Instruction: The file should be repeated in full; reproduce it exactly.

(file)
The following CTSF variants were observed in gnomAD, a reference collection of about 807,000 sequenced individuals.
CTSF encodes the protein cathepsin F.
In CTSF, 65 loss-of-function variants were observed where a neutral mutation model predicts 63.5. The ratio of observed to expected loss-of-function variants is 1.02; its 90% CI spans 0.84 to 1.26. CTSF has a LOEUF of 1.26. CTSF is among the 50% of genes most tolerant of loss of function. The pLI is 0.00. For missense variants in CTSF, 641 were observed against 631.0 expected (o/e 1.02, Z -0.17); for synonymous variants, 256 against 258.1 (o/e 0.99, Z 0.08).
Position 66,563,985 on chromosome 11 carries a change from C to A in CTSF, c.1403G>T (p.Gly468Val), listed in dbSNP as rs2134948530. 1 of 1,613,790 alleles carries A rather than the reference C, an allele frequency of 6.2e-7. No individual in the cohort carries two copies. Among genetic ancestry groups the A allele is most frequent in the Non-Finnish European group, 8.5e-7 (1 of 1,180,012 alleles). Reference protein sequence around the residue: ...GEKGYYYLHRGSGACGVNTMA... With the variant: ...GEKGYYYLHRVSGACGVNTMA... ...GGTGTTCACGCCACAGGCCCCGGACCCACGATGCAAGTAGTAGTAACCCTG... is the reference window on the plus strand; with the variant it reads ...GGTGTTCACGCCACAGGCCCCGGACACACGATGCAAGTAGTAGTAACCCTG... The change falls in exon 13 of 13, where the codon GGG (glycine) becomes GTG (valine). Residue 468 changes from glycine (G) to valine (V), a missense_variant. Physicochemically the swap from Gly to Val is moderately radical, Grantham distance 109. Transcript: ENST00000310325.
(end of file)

The following CTSF variants were observed in gnomAD, a reference collection of about 807,000 sequenced individuals.
CTSF encodes the protein cathepsin F.
In CTSF, 65 loss-of-function variants were observed where a neutral mutation model predicts 63.5. The ratio of observed to expected loss-of-function variants is 1.02; its 90% CI spans 0.84 to 1.26. CTSF has a LOEUF of 1.26. CTSF is among the 50% of genes most tolerant of loss of function. The pLI is 0.00. For missense variants in CTSF, 641 were observed against 631.0 expected (o/e 1.02, Z -0.17); for synonymous variants, 256 against 258.1 (o/e 0.99, Z 0.08).
Position 66,563,985 on chromosome 11 carries a change from C to A in CTSF, c.1403G>T (p.Gly468Val), listed in dbSNP as rs2134948530. 1 of 1,613,790 alleles carries A rather than the reference C, an allele frequency of 6.2e-7. No individual in the cohort carries two copies. Among genetic ancestry groups the A allele is most frequent in the Non-Finnish European group, 8.5e-7 (1 of 1,180,012 alleles). Reference protein sequence around the residue: ...GEKGYYYLHRGSGACGVNTMA... With the variant: ...GEKGYYYLHRVSGACGVNTMA... ...GGTGTTCACGCCACAGGCCCCGGACCCACGATGCAAGTAGTAGTAACCCTG... is the reference window on the plus strand; with the variant it reads ...GGTGTTCACGCCACAGGCCCCGGACACACGATGCAAGTAGTAGTAACCCTG... The change falls in exon 13 of 13, where the codon GGG (glycine) becomes GTG (valine). Residue 468 changes from glycine (G) to valine (V), a missense_variant. Physicochemically the swap from Gly to Val is moderately radical, Grantham distance 109. Transcript: ENST00000310325.